Recruiting and managing an effective board of directors is easier said than done. Many nonprofit struggle with engagement, volunteerism, giving and overall health.
Bloomerang recently surveyed our database of small-to-medium-sized nonprofits to see how their boards operate. Over 500 organizations completed the survey, and their responses were quite eye-opening.
Here are the results from five of the 10 questions we asked, along with some analysis by myself and other third sector experts:
Use of Executive Committees
Does your board of directors have an executive committee?
- Yes: 72%
- No: 28%
Apparently, the tradition of a select few making literally every decision, in spite of a carefully chosen and trained full board, will not go away!
So much has been written about this technique of governance that I had at least thought the percentage would be closer to 50/50. I still fervently believe the executive committee should only be used for a few specific reasons, should have very little power and should not meet on a regular basis. Read this post to find out why.
If you do not believe me, please heed what one of the most respected experts on nonprofit governance, Simone Joyaux, states. Here is an excellent bit of wisdom on the subject.
Use of Sub-Committees
Does your board of directors have sub-committees?
- Yes: 78%
- No: 22%
It was delightful to see such a large percentage of usage of these critical sub-groups or committees. The reasons for their usage are many:
- More personal interaction of the board members via smaller groups
- Involving non board members (key to future recruiting)
- Keeping committee members engaged between board meetings
- Provide more time for in depth research and discussion of critical items
- Moves bigger initiatives forward
- Providing more details for the larger board to debate
- Keep vital work going year round for essential items like finance, governance, fundraising, marketing, operations, etc.
Keep those sub-committees going!
Board Member Giving
Do your board members make a financial commitment?
- Yes (all): 39%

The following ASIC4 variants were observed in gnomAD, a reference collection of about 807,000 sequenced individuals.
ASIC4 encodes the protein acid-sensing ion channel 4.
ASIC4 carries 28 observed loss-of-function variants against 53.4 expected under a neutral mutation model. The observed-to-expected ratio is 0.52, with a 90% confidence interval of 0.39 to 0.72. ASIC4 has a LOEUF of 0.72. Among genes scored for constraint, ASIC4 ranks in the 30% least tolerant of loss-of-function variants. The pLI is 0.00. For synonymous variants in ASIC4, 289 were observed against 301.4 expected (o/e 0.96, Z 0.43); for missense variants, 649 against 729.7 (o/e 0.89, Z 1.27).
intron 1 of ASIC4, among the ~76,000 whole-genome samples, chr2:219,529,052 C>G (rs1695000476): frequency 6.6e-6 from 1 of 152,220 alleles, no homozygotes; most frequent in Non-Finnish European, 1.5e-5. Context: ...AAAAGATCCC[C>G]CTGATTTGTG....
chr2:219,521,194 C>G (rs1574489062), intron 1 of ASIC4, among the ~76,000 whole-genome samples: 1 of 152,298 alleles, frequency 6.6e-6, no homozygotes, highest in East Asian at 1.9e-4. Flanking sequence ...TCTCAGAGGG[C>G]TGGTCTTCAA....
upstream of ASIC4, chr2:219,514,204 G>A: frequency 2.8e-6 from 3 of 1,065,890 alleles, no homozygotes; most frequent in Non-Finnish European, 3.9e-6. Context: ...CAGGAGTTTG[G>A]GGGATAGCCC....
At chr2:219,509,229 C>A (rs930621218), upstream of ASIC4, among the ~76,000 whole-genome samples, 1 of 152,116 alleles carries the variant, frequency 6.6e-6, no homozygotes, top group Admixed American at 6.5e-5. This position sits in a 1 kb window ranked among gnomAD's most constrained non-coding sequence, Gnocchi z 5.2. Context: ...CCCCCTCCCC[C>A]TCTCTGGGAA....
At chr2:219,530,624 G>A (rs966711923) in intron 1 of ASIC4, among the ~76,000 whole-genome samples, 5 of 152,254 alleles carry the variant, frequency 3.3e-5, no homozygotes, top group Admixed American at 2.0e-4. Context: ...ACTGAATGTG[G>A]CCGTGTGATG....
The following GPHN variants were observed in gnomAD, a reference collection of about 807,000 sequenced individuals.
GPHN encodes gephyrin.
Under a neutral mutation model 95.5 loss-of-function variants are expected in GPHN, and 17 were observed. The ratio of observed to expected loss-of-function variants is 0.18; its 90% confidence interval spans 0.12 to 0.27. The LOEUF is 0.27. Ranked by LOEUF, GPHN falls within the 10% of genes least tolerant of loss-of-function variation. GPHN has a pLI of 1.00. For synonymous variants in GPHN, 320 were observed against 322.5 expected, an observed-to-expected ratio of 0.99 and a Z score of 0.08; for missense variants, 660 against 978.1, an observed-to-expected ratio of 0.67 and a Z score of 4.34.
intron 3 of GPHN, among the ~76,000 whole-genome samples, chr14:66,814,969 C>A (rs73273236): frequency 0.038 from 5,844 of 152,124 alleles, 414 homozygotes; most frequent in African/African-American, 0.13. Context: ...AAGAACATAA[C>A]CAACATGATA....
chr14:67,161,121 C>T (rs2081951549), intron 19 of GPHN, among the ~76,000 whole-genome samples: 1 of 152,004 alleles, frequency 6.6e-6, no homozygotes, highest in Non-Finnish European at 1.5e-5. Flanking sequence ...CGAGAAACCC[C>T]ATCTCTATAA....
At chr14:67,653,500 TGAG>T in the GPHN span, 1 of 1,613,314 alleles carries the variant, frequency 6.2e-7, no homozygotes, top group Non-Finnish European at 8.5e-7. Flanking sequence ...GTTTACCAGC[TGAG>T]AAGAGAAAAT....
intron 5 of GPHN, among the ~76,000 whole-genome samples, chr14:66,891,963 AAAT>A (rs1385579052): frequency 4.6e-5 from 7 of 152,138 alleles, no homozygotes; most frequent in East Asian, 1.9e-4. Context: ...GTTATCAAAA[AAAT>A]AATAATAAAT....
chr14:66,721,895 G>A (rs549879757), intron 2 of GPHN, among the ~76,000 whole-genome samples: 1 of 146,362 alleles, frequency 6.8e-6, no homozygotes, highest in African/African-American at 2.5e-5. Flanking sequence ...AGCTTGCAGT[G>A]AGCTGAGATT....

- Yes (most): 35%
- Yes (a few): 17%
- No: 9%
Wow, only 39% of the NPOs surveyed had a full financial commitment of the board members to the cause they serve!
This has been an absolute requirement of every single nonprofit board I have served upon over he last 25 years. Typically, this deficiency is the result of two key items:
- Lack of proper board orientation
- Lack of a written and signed board member expectations document
Both of the items are essential and are spelled out in section #5 of this post.
I do hope the 61% of the NPOs not achieving 100% giving by the board find a way to add a board orientation and signed board expectation documents soon.
Term Limits for Board Members
Do your board members have term limits?
- Yes: 74%
- No: 26%
This result is a respectable showing. Establishing and enforcing term limits is smart governance and perhaps even smarter fundraising. This allows your board members to see the light at the end of the tunnel as far as a proper commitment goes.
Yes, board members will be more engaged if they know it is only for a set number of years. Do we all not try to get the most out a limited number of vacation days each year? If they were unlimited, we were probably all tone down our planning and excitement.
Rotating board members off allows any organization to have more of the their very best major gift and legacy giving prospects; namely “Former Board Members!”
Once again, no need to say more.
Finally, having term limits allows your organization to fire lousy board members. There is nobody who spells this out better than our friend and expert Simone Joyaux. Here is my favorite post of hers on the subject.
Volunteer Efforts By Board Members
Are your board members active volunteers for your organization?
- Yes (every event): 45%
- Occasionally (a few events): 45%
- No: 10%
I saved the best result for the last one to report on. 90% of the nonprofits surveyed have board members who volunteer quite regularly or occasionally!
This is outstanding in terms of engagement, as well as setting examples for others. Let’s hope the 90% participation level leads to 90% or more in financial commitment to the cause rather than the level we see in insight three above.
The five insights listed above should create a strategic discussion for an upcoming board meeting for any nonprofit. Perhaps we can impact the future success of your board by focusing in on these insights. Knowledge of best practices can be so powerful in creating the proper changes needed!
How does your board compare to our results? Let me know in the comments below!
The preceding is a guest post by Jay Love, Co-Founder and CEO of Bloomerang, which helps nonprofit organizations to reach, engage, and retain the advocates they depend on to achieve their vision for a better world. A veteran of the nonprofit technology sector, Jay is a founding member of the AFP Business Member Council and chair of the AFP Ethics Committee.